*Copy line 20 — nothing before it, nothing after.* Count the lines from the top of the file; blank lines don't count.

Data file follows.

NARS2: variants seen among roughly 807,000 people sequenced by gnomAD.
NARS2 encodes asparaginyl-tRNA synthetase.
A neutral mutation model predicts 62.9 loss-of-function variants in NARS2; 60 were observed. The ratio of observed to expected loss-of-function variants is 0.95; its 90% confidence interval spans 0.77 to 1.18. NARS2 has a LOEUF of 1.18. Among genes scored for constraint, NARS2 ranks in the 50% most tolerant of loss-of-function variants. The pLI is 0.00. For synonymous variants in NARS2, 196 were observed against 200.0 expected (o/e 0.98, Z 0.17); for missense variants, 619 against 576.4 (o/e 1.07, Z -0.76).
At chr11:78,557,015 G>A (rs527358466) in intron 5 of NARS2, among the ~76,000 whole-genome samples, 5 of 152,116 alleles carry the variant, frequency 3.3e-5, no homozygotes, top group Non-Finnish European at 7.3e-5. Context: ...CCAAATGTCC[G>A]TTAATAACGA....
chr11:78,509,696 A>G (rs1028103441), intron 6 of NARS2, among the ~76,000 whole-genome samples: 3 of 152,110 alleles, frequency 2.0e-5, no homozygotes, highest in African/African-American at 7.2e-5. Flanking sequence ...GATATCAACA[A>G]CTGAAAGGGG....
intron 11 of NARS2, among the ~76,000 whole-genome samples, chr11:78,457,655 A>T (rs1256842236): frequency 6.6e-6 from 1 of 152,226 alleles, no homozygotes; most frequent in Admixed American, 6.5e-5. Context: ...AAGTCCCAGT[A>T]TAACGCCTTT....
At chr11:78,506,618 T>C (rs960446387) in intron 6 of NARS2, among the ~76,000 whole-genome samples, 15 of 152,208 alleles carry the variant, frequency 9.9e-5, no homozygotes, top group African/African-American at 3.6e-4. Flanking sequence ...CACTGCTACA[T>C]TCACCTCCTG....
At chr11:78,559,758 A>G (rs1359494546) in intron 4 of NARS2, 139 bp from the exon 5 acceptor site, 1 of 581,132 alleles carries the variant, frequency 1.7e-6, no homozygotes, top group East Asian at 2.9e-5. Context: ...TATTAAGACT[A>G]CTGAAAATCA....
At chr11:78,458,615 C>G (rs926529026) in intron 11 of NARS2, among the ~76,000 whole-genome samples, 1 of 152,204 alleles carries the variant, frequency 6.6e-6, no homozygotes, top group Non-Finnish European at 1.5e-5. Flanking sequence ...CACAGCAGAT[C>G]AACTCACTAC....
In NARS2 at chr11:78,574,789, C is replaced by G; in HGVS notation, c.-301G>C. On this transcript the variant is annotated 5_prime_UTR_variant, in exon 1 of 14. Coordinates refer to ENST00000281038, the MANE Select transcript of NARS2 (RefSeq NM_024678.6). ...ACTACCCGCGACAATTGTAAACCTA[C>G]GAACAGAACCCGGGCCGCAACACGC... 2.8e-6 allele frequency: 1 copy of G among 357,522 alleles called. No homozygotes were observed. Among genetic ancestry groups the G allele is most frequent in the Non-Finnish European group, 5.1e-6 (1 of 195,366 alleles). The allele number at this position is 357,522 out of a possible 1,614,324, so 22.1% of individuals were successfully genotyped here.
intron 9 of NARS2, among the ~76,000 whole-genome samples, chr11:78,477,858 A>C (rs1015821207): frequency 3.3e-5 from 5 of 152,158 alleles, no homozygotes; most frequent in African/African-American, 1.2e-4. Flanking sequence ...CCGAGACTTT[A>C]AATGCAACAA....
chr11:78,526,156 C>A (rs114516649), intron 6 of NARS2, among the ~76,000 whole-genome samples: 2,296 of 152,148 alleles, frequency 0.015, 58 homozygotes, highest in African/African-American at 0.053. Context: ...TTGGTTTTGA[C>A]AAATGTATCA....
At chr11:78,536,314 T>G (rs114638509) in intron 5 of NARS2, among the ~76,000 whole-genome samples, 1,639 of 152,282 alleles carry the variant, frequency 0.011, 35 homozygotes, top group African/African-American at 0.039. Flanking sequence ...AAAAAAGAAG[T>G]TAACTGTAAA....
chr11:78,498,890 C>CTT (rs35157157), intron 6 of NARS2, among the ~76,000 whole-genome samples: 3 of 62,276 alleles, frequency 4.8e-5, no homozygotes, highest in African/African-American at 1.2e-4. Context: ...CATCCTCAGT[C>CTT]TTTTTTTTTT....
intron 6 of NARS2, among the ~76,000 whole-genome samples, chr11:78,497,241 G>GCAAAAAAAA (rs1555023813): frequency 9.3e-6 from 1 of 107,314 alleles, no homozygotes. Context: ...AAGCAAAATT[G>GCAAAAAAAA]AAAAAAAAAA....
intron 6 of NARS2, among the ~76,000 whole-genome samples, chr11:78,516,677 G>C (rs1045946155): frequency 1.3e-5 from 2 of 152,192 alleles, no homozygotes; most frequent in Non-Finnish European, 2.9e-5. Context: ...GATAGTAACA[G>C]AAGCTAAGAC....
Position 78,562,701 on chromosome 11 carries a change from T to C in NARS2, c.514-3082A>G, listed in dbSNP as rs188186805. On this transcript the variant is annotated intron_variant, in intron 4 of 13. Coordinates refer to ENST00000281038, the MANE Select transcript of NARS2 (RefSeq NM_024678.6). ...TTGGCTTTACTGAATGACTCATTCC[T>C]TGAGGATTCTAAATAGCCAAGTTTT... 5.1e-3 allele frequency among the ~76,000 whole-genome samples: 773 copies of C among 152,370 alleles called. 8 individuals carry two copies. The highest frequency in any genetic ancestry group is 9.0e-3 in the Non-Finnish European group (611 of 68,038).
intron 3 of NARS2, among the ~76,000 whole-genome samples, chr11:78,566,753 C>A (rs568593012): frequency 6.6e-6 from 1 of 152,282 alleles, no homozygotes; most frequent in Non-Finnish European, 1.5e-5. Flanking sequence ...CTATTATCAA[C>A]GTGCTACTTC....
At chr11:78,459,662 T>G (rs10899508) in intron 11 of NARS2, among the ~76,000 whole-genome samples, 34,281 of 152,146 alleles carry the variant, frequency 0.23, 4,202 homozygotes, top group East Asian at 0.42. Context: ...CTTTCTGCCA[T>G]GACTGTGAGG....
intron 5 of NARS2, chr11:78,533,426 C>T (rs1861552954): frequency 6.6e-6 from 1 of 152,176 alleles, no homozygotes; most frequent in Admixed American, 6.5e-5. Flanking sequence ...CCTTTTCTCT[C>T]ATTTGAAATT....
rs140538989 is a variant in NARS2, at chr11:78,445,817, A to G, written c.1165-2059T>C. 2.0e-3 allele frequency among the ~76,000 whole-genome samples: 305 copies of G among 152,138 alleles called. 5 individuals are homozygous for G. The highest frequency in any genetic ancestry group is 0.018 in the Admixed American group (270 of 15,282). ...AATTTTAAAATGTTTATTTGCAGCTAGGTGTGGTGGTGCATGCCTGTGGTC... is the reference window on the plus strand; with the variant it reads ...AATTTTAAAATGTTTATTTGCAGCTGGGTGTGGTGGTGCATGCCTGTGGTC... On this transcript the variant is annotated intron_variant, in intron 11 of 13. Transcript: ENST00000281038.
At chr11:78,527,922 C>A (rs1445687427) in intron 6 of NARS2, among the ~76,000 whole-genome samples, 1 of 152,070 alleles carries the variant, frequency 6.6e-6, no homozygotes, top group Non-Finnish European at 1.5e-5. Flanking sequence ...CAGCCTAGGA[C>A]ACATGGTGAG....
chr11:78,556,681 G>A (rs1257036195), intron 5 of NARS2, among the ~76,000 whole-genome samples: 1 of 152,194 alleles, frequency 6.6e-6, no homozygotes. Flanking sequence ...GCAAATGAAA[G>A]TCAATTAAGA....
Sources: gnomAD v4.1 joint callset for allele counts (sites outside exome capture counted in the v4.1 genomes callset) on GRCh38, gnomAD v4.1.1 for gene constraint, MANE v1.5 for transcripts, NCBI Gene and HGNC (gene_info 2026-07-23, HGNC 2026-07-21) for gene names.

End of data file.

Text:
intron 5 of NARS2, chr11:78,533,426 C>T (rs1861552954): frequency 6.6e-6 from 1 of 152,176 alleles, no homozygotes; most frequent in Admixed American, 6.5e-5. Flanking sequence ...CCTTTTCTCT[C>T]ATTTGAAATT....